On January 20, 2010, San Antonio judge David A. Berchelmann, Jr., acting as a special master for the Texas State Commission on Judicial Conduct, issued findings of fact in a disciplinary complaint against Sharon Keller, the presiding judge of the Texas Court of Criminal Appeals (TCCA).
The disciplinary action resulted after Keller refused to keep the court clerk’s office open late on September 25, 2007 to accept post-conviction filings in the capital case of Michael W. Richard, who was scheduled to be executed that evening. On the morning of September 25 the U.S. Supreme Court had agreed to hear arguments in a case involving a challenge to the three-drug protocol used to execute prisoners in Kentucky, which was similar to the protocol used in Texas. This eventually led to the staying of all executions in the U.S. until the Kentucky case was decided. [See: PLN, Dec. 2008, p.37].
According to the Texas Defender Service (TDS), a coalition of attorneys opposed to the death penalty who were representing Richard, TDS contacted the court before the 5:00 p.m. closing time for the clerk’s office, explained they were having computer difficulties and asked Keller to keep the clerk’s office open late to allow them to file their pleadings. Keller said no, twice, stating “We close at 5:00 p.m.” Richard was executed later that night. [See: PLN, July 2008, p.22].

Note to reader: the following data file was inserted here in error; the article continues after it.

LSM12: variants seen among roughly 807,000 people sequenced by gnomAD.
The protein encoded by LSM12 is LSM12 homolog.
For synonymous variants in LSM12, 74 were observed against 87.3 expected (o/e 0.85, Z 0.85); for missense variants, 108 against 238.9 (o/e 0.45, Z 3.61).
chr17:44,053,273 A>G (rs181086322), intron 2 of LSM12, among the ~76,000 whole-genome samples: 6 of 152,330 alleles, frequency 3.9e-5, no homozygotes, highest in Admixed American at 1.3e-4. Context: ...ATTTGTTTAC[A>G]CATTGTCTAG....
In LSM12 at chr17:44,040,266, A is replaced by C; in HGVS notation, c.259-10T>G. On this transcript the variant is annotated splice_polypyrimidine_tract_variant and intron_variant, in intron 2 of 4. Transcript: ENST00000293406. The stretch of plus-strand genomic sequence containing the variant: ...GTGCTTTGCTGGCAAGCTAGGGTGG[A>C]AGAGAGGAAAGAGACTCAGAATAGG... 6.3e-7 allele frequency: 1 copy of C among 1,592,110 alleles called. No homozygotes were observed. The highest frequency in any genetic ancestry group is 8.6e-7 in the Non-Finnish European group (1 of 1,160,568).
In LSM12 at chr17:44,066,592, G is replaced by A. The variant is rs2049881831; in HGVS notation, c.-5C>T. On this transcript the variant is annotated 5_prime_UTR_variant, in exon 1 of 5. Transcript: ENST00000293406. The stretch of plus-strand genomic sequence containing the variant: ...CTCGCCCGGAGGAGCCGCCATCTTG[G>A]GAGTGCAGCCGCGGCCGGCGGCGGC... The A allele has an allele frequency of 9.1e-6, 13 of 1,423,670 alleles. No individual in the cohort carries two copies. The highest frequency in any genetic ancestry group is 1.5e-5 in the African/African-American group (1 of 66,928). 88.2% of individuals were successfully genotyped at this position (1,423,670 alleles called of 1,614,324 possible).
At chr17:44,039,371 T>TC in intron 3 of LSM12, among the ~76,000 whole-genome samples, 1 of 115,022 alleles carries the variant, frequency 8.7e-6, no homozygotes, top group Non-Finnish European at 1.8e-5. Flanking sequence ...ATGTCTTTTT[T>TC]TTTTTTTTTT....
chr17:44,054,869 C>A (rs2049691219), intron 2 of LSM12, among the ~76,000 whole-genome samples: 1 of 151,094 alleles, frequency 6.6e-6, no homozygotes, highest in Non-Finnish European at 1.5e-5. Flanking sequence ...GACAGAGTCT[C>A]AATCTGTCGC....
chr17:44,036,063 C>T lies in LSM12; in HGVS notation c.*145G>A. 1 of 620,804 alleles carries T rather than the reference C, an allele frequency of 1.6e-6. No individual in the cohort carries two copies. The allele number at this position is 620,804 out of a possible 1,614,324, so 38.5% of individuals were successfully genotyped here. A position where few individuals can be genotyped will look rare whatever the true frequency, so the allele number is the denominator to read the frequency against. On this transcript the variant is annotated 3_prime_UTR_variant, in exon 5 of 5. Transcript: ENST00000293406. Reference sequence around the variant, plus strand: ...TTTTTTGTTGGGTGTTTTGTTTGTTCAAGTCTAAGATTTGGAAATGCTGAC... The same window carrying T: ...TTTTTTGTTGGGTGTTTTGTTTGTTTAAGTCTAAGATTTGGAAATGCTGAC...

According to Berchelmann, that widely-publicized account was wrong; instead, he faulted TDS for most of the problems. He said the TDS attorneys waited until two hours after the Supreme Court ruling was announced to begin drafting the pleadings in Richard’s case, then assigned a junior staff attorney to the project. Further, they should have raised the issue in a previous filing long before the Supreme Court’s decision. Berchelmann said the TDS lawyers never contacted the clerk’s office or Keller directly; rather, their paralegals contacted Abel Acosta, a TCCA deputy clerk. Acosta contacted Edward Marty, TCCA’s General Counsel, and it was Marty who called Keller and was twice told “no.”
However, Keller’s “no” response was to extending the hours of the clerk’s office, not to accepting late filings. By unwritten and unpublicized policy, the TCCA assigned a judge to be the contact person for each death penalty case. In Richard’s case the judge was Cheryl Johnson. Berchelmann said Acosta and Marty should have called Johnson, who was available to personally accept late filings, instead of Keller, who was the only person who had authority to extend the clerk’s office hours.
Berchelmann placed the bulk of the blame on TDS. He assumed that, had the TDS attorneys called the court clerk or Keller, they would have been informed that Johnson was assigned to the case and could accept late filings. He claimed the computer problem experienced by TDS only prevented them from emailing the documents and did not delay the completion of the pleadings. He said the documents were completed at 5:56 p.m., not 5:20 p.m. as TDS stated. Finally, Berchelmann said that TDS should have known to start calling all of the TCCA judges individually to see if one would accept the late pleadings in Richard’s case, an alternate method of filing documents with the court.